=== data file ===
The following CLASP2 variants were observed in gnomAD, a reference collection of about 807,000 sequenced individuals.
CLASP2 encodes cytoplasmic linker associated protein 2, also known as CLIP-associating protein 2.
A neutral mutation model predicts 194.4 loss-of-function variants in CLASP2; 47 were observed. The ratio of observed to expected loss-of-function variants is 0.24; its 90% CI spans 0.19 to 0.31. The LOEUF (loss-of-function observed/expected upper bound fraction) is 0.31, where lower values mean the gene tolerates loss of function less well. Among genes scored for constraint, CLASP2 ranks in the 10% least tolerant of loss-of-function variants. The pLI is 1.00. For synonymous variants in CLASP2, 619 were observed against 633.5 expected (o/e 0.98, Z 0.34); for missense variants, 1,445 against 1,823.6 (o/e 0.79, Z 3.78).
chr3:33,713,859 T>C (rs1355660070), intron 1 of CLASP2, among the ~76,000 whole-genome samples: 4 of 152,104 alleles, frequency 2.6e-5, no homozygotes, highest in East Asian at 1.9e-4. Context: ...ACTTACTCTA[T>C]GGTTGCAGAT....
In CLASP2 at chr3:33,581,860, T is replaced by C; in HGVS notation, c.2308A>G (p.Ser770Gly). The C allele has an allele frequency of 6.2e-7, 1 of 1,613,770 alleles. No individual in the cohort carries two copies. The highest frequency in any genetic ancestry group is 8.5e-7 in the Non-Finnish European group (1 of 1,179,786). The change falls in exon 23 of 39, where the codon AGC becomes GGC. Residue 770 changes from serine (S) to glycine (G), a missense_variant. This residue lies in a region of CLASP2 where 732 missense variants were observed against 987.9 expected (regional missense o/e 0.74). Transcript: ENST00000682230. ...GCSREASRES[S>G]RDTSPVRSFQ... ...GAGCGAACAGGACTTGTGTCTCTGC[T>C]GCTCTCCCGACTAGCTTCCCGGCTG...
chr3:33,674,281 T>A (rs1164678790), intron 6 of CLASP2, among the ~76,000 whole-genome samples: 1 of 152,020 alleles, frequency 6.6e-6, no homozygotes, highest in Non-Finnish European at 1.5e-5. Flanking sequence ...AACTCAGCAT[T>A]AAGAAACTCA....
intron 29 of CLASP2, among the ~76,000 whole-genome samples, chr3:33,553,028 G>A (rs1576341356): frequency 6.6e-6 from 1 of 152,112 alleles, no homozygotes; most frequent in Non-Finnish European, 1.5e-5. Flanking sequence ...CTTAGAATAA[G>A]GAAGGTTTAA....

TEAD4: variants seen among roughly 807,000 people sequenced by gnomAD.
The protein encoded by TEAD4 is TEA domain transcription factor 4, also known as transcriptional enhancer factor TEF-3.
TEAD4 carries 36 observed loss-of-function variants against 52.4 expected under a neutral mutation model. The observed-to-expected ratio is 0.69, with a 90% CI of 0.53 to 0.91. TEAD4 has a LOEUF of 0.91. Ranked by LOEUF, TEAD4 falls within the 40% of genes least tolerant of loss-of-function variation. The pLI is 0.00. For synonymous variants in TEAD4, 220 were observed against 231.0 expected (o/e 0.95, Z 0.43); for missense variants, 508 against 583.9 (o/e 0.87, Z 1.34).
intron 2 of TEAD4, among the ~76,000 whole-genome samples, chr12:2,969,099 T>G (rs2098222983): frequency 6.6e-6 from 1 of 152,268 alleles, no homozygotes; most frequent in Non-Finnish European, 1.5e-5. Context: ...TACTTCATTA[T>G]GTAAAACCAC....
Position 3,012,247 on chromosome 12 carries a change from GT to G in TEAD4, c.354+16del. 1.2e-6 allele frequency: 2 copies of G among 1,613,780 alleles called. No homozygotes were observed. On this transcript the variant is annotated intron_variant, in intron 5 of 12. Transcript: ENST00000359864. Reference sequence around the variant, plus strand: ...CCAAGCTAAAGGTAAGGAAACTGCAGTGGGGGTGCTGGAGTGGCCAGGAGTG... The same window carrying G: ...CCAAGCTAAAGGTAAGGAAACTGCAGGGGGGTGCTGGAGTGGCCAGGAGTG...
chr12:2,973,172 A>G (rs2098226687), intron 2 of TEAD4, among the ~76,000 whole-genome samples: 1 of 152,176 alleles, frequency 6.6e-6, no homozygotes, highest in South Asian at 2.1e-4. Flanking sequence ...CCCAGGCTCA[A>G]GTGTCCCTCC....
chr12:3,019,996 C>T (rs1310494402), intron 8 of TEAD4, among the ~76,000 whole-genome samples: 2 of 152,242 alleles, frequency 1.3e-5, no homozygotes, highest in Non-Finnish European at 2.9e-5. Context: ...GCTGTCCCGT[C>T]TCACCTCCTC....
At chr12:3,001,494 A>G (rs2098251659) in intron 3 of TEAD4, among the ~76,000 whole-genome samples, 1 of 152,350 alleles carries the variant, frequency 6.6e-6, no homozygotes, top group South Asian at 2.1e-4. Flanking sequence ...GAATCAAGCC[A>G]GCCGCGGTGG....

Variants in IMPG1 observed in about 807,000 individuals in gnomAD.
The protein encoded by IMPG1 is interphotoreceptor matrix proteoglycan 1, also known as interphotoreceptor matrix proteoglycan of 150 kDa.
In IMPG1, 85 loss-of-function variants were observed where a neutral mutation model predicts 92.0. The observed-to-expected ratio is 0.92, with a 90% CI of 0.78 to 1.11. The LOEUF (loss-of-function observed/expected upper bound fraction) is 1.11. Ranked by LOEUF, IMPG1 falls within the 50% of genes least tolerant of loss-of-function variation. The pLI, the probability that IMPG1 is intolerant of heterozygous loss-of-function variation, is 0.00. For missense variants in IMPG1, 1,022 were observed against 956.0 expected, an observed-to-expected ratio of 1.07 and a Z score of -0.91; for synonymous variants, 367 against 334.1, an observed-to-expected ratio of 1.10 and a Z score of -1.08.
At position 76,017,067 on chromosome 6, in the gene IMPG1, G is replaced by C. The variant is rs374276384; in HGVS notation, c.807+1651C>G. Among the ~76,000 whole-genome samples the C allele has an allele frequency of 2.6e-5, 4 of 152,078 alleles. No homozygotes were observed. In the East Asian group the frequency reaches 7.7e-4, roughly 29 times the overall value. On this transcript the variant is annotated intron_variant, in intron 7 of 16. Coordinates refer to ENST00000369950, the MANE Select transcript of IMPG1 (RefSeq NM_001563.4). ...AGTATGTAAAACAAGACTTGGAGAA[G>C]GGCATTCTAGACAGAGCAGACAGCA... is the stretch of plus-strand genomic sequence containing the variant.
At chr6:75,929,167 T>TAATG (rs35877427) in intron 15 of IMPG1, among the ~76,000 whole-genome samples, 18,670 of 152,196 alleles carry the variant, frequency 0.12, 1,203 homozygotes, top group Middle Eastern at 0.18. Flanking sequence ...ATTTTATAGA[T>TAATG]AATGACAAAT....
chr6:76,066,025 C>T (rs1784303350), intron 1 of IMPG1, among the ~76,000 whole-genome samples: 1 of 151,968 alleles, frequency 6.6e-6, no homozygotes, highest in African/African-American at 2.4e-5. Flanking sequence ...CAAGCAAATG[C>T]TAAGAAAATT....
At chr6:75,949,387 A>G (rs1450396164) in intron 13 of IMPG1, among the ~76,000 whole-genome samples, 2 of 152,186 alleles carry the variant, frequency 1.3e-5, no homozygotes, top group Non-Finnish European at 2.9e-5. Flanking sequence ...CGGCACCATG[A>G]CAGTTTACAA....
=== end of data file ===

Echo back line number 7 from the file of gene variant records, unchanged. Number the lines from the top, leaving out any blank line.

intron 29 of CLASP2, among the ~76,000 whole-genome samples, chr3:33,553,028 G>A (rs1576341356): frequency 6.6e-6 from 1 of 152,112 alleles, no homozygotes; most frequent in Non-Finnish European, 1.5e-5. Flanking sequence ...CTTAGAATAA[G>A]GAAGGTTTAA....